Friday 12 July 2019

Чиста Криниця - Храм Природи (2019)

Country: Ukraine
Style: Folk Metal
Rating: 8/10
Release Date: 8 Jun 2019
Sites: Metal Archives | Official Website | VK | YouTube

Folk metal is such a versatile genre that I really shouldn't be surprised at the next album I find any more, but when I slapped on a folk metal album by a band from the Ukraine, I really wasn't expecting to hear a harp dancing in front of the metal backing of the opening track. Храм природи does translate to Temple of Nature, so it fits, but I dug it a lot and it really grabbed my attention. For a while, it's entirely instrumental but, when vocalist Ruslan joins in and runs through three different styles in all of five seconds, he hooked me completely and I knew I had to review this.

I'll mention him now because the lead vocalist is usually the focal point of a band and he kind of isn't, really, even though he's really good at what he does. His first utterance sounds like a death growl but he raises it into an old school heavy metal style and ends up in symphonic territory. He wails in fine form on Непотопаючий корабель, or A Drowning Ship, exhibiting rather an impressive range. He could easily dominate a band if he wanted to but that's not what he does here.

If the focal point isn't the lead vocalist, then it's the lead guitarist, of course, right? Well, wrong. Again, Volodimir Galaida does precisely what he needs to do, but the guitars here appear to be part of the rhythm section, a solid wall in front of which the more unusual instruments strut their stuff and even solo as needed. Some of those seem to be stringed, whether they're harps or lutes or what have you, so I presume that at least some of them are here courtesy of Galaida but I'm only seeing him listed as guitar and there are less guitar solos here than I expected.

Whatever isn't Galaida is surely the work of Tim Hresvelg on keyboards, who stood out to me. The real question here is about which is which and I have little idea. I would expect that the extended keyboard solo in Доки падала краплина, or Until a Drop Fell, is Hresvelg, as is the melodic line that dominates Непотопаючий корабель. However, is that Hresvelg on harpsichord on Сонячне місто (Sunny City) or could it be Galaida on zither? Keyboards are so versatile nowadays and I'm no expert on ethnic eastern European instruments.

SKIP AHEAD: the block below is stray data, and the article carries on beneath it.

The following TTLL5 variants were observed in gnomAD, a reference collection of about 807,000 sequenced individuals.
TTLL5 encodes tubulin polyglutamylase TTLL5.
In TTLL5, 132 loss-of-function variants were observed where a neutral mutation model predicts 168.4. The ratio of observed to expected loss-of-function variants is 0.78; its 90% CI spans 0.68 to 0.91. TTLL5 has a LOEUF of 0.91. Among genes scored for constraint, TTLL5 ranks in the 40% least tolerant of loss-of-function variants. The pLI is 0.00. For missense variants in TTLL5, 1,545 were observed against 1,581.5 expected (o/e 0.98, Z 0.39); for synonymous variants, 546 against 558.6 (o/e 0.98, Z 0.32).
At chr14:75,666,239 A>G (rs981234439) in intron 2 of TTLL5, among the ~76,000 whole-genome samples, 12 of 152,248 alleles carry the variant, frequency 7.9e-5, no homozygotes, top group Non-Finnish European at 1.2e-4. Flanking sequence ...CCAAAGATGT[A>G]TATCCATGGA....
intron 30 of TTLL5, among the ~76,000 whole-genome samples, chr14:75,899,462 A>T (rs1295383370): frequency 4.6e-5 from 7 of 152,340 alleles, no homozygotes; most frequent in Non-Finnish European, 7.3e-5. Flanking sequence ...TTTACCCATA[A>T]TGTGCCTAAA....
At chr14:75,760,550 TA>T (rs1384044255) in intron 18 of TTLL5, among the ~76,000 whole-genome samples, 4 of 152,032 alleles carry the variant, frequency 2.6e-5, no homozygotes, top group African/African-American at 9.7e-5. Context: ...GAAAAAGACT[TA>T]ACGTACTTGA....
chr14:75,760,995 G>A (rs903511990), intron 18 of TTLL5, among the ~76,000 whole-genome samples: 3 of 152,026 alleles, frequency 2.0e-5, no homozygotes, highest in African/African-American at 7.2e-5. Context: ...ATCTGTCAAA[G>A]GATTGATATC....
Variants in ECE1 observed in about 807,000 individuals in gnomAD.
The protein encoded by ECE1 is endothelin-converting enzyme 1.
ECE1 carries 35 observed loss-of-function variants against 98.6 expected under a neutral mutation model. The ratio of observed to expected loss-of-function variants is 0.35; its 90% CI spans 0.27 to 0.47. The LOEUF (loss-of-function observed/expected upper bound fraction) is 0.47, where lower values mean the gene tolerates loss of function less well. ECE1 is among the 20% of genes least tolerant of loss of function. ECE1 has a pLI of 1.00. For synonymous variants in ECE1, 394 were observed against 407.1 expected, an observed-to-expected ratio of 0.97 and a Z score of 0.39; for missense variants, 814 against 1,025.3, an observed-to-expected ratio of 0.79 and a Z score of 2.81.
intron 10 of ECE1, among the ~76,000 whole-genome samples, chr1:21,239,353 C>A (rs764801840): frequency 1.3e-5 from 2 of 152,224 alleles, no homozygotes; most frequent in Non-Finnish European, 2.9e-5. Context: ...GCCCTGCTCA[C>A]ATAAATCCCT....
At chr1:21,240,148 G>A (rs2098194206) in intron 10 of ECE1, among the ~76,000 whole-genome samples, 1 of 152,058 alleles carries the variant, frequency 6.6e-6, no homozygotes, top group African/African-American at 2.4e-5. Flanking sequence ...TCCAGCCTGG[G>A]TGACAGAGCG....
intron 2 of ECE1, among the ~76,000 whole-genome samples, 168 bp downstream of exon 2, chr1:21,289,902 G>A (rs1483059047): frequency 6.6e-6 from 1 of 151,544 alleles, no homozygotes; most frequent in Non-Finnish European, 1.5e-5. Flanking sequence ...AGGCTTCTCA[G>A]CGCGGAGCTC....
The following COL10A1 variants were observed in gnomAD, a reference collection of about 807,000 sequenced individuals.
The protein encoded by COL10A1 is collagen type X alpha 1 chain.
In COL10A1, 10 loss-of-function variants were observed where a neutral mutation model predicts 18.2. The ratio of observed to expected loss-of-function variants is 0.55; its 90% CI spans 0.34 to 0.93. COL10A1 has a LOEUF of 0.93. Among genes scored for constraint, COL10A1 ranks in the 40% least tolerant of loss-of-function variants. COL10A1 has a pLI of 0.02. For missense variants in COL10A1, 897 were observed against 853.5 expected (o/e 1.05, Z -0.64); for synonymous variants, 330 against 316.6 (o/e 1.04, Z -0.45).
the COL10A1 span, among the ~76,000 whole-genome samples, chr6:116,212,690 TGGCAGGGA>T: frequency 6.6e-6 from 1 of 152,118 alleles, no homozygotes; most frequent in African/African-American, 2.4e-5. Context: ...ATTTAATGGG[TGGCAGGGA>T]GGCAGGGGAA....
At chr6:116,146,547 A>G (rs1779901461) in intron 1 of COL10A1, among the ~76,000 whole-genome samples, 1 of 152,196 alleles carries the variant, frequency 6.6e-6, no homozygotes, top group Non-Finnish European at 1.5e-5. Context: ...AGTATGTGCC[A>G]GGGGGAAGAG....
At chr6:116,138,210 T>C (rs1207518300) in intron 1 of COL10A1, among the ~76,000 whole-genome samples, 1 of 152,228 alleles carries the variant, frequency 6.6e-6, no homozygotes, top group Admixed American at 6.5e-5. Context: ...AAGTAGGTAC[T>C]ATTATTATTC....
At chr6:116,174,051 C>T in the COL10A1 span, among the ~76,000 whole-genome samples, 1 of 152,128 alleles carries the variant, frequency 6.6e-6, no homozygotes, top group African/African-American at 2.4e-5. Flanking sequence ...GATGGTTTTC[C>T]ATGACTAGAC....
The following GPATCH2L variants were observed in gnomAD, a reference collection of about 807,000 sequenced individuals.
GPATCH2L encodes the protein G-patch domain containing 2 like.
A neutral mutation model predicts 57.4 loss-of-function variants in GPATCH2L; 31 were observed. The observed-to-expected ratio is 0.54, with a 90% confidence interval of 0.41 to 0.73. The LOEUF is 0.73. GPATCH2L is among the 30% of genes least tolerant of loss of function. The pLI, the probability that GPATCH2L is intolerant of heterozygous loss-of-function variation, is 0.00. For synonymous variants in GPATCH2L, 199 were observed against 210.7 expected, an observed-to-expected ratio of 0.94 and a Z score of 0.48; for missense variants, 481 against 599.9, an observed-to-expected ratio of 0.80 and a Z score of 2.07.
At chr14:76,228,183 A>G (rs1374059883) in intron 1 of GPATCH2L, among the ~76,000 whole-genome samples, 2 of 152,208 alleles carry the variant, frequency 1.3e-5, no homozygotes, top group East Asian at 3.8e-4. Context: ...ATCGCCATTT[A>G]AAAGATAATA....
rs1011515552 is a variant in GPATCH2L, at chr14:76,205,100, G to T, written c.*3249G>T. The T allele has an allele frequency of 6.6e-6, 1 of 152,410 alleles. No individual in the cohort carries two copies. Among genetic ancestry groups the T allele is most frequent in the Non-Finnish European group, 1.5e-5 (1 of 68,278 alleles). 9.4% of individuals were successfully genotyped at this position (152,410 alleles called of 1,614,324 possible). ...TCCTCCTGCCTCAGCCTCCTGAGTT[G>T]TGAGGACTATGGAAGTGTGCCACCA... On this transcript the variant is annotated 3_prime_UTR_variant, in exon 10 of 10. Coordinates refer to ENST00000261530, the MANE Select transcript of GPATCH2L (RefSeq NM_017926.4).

The point is that Hresvelg is never entirely satisfied with adding textures or layers like most keyboard players. When he does just that on Мертві дощі, or Dead Rains, it feels like he's holding back. He sees his keyboard as a lead instrument, like he's in a seventies prog rock band. My assumption is that a lot of the textures here come from him introducing other sounds, like the pipes on Велика подорож, or Great Trip, and the woodblocks on Доки падала краплина that sound like they were borrowed from Martin Denny.

The other thing that threw me here is the fact that this doesn't sound like a folk metal album at all, except on Доки падала краплина, where things cut loose into an ethnic dance for a while. For the most part, this is a metal album, pure and simple, that merely brings in folk instrumentation to take the lead rather a lot. In other words, this isn't a metal band playing folk music, like the Finns with their drinking songs, it's a metal band playing metal music with some folk instruments as an integral part of their sound. I like that.

I like this album too. I hadn't heard of Чиста Криниця before and I'm unable to translate it, beyond Chysta Krynycya, which doesn't mean anything to me. However, they've been around for a while, since 2005 under this name and for another six years under others, initially Bad Dreams, then Dead Dreams and, for most of that period, Morose Months of Melancholy. That seems like an odd name because there's not much doom here. Maybe there was early last decade.

I can see myself listening to this a lot, but I also have the opportunity to follow the band backwards, because this is their sixth album, coming three years after Азовець. Their trend seems to be to wait three years to release a new album, then knock out another a year later. If they hold to that, we ought to expect another one in 2020 and I'll be watching out for it.

I'll wrap up by pointing out that it's a deceptive album. I was going with a 7/10 because it's clearly good stuff, but then I realised that I'd flagged almost the entire album as highlight tracks. A couple more listens and this promptly became my first 8/10 for July. And I'm not done exploring it yet!

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